This can be a mix of in-person and virtual team meetings using collaboration tools like Teams. However, as a recent CIO article recommends (6), don’t fall into the trap of holding too many meetings and having meetings for the sake of it. If you’ve assembled a team of highly skilled and intelligent people, let them get on with the job.
8 – Prioritise Employee Wellbeing and Work-Life Balance
While you want your IT team to work hard and produce excellent results, you don’t want to burn them out. Here are some ways you can promote a healthy working environment in your IT team:
- Let them work their way – As much as you can, give your IT team members control over how they work, including flexibility around hybrid and remote work
- Don’t overload your people – Keep staffing levels in your IT team stable, so your team members don’t have to do other people’s jobs as well as their own. In addition, ensure they’re well-trained so they don’t struggle to do their jobs
- Create a positive workplace culture – Ensure people feel comfortable and safe at work by fostering an open culture. You want people to feel they can come to you with problems without fear of blame
- Provide opportunities for personal growth – Help your staff improve themselves so they can progress professionally and personally. For example, enabling them to get more certifications makes them better at their jobs today and ready for the next level of their careers tomorrow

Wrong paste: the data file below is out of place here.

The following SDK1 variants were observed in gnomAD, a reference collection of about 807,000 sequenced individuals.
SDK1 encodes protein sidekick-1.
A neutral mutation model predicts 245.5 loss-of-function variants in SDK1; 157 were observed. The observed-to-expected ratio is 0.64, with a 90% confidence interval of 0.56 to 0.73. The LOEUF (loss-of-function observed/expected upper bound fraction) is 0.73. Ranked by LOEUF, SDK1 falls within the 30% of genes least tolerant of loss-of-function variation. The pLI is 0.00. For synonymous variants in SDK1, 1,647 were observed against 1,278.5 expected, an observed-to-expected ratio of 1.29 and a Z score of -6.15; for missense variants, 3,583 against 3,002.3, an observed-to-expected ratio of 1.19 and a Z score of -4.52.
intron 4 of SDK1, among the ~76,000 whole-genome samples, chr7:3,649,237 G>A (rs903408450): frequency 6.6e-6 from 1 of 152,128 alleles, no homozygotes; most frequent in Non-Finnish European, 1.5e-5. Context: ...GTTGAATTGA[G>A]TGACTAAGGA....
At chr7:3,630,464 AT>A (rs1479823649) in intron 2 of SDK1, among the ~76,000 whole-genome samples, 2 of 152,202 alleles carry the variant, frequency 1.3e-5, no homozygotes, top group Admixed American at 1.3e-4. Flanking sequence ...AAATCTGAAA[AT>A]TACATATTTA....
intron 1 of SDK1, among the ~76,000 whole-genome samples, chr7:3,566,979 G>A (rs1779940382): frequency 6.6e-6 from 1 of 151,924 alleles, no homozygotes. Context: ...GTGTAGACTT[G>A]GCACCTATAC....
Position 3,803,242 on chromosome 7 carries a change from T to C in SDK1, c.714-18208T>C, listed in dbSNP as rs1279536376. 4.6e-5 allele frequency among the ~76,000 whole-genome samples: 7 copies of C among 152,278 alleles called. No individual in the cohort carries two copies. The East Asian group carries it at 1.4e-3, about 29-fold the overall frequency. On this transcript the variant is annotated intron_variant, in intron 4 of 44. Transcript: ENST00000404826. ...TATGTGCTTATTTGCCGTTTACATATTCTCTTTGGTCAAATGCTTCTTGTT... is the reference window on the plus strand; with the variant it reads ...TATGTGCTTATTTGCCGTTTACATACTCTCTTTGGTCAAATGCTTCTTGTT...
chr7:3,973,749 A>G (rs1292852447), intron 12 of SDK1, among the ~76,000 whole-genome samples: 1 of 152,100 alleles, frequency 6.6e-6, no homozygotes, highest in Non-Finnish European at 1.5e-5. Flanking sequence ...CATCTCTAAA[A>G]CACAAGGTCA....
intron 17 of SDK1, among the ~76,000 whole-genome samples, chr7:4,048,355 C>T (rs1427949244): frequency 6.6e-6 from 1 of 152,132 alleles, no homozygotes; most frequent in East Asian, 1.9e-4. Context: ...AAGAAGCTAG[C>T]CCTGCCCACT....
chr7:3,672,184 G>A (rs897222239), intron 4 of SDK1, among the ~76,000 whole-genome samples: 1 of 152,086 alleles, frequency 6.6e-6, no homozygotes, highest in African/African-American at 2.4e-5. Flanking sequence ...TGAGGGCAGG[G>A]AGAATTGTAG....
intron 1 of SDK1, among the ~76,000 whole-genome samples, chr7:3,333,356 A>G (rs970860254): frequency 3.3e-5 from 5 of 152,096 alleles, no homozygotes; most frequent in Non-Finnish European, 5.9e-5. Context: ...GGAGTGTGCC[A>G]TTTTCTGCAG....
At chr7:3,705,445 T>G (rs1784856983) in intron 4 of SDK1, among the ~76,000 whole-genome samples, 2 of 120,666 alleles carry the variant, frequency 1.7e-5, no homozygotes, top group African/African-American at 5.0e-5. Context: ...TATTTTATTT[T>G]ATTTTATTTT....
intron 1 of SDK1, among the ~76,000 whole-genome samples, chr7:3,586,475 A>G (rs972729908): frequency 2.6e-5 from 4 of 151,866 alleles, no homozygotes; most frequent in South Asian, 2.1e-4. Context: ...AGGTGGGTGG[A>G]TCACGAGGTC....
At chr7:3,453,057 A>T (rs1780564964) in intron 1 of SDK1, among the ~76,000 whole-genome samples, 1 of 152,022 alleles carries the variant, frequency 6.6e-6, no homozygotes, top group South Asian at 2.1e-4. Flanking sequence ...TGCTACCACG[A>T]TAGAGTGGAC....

- Treat them well – When you treat your staff well, they enjoy their jobs, are more productive and stay with your organisation longer. It’s not a coincidence that companies like Google, which provide free meals for their employees, have been so successful
9 – Measure and Evaluate Team Performance
Measure the results of your team (and its individual parts) to ensure you’re on the right track and identify areas for improvement. Determine the key performance indicators (KPIs) that align with your organisation’s goals, track them and share results. If you outsource your IT function at any point, keep the same KPIs in place to evaluate your MSP’s performance.
What metrics should you track? That depends on the nature of the roles in your team. For example, companies often use the following to evaluate the effectiveness of their IT support staff:
- Lost business hours – How often were IT services unavailable?
- First Call Resolution Rate (FCRR) – What percentage of tickets were resolved on the first contact between the user and IT support
- Cost per ticket – Team operating cost divided by number of tickets (calculated on a monthly basis)